Adjacent to the Orangerie is the large Aue Park (please refer to the next tip)
Kassel's famous park Wilhelmshöhe is not only the biggest hillside park of Europe (yep, just another record!), it is also famous for its water games, taking place every Wednesday, Sunday and public holiday from the Ascension of Christ (May/June) to October, 3, at 2.30pm. The water games are a must - there are no excuses to miss them! They start at the highest point of the Bergpark Wilhelmshöhe: the Herkules. From there on the water flows down dozens of cascades until it reaches a lake at the lower end of the cascades. It vanishes into an underground pipe system and sees daylight again further down the hill. There it flows past the Devil's Bridge with its creepy looks towards the aqueduct. The aqueduct ends in thin air, thus the water falls down some 15m in a spectacular waterfall. Now, there are only some meters left until it reaches another lake in which it erupts in a more than 50m high fountain which lasts for about five minutes!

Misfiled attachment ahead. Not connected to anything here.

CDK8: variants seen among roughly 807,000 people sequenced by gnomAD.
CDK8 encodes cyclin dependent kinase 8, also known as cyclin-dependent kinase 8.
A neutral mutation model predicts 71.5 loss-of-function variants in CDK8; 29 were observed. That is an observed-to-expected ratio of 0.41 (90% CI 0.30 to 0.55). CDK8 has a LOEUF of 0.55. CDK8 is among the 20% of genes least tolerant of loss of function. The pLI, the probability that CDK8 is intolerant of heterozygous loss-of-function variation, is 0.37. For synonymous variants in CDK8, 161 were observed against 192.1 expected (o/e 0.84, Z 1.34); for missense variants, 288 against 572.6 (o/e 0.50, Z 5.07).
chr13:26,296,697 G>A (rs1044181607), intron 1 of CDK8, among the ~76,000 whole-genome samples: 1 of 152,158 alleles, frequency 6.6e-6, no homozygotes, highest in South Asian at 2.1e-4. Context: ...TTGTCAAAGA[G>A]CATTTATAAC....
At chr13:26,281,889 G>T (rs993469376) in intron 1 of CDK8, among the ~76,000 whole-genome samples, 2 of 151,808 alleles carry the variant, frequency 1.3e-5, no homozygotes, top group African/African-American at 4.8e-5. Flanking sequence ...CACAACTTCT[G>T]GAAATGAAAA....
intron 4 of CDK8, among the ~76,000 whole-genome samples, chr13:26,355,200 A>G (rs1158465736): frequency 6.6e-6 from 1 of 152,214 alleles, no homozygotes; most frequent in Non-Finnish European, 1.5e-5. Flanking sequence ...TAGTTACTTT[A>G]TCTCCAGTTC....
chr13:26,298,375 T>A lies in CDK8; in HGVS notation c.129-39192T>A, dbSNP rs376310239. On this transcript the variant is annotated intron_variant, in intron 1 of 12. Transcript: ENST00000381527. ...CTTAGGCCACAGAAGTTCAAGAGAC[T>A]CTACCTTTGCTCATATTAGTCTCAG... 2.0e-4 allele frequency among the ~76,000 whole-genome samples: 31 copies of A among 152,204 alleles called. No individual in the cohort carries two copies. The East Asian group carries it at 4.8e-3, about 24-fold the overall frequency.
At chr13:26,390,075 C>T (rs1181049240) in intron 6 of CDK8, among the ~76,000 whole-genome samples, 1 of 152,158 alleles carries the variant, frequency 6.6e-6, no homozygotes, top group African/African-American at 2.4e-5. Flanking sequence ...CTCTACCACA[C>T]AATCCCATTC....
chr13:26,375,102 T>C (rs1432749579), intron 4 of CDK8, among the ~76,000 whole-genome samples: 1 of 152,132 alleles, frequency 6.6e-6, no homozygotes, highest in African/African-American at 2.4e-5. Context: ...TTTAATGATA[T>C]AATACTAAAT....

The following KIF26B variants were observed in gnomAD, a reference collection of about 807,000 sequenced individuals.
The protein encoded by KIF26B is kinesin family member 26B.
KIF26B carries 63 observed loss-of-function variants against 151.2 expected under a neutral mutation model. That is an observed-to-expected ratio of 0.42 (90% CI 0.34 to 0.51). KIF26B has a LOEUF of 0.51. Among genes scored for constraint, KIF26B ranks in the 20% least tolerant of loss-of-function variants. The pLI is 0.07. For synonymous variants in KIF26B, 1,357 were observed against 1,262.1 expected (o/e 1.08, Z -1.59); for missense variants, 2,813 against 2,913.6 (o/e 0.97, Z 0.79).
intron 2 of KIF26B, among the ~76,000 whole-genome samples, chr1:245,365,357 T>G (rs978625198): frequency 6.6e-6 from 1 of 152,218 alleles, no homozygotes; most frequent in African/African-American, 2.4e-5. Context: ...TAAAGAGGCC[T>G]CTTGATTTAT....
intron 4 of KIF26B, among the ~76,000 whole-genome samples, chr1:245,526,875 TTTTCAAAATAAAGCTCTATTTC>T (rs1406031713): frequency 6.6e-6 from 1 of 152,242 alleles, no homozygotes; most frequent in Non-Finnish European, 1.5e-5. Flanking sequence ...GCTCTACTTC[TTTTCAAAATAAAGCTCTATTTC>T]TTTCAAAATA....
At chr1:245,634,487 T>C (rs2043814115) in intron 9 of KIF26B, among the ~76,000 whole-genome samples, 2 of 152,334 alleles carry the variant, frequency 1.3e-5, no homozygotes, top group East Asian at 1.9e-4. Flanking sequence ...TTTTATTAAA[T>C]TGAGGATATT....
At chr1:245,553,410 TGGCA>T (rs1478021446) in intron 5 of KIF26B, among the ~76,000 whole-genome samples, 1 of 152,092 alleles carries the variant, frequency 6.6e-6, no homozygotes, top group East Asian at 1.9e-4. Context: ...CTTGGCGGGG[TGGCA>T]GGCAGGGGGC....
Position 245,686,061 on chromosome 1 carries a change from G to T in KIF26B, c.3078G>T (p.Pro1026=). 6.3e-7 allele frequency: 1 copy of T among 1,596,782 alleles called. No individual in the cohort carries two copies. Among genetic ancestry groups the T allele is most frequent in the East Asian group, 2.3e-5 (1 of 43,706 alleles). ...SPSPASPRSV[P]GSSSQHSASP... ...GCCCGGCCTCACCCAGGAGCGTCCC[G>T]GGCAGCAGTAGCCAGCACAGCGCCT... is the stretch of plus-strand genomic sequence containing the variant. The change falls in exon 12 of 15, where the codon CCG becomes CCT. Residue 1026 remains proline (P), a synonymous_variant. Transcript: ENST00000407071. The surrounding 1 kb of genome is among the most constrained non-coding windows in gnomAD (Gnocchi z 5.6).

The great thing about the water games is that they work without any modern technology - it's just the water power itself that forces the fountain to erupt, supported by the downhill terrain, of course. Furthermore, an ingenious system makes it possible to walk down the hill with the water. On the cascades, it flows very slowly anyway, so that children and daring adults enjoy running in front of it. Later on, walking down the hill will ensure that you can see the water at all the important places.
The water games are very popular by tourists and locals alike. Make sure to come early as you will have to hike up the park until the cascades (ca. 45 minutes). Make sure to bring a camera. And make sure to walk with the water - you will never forget this view!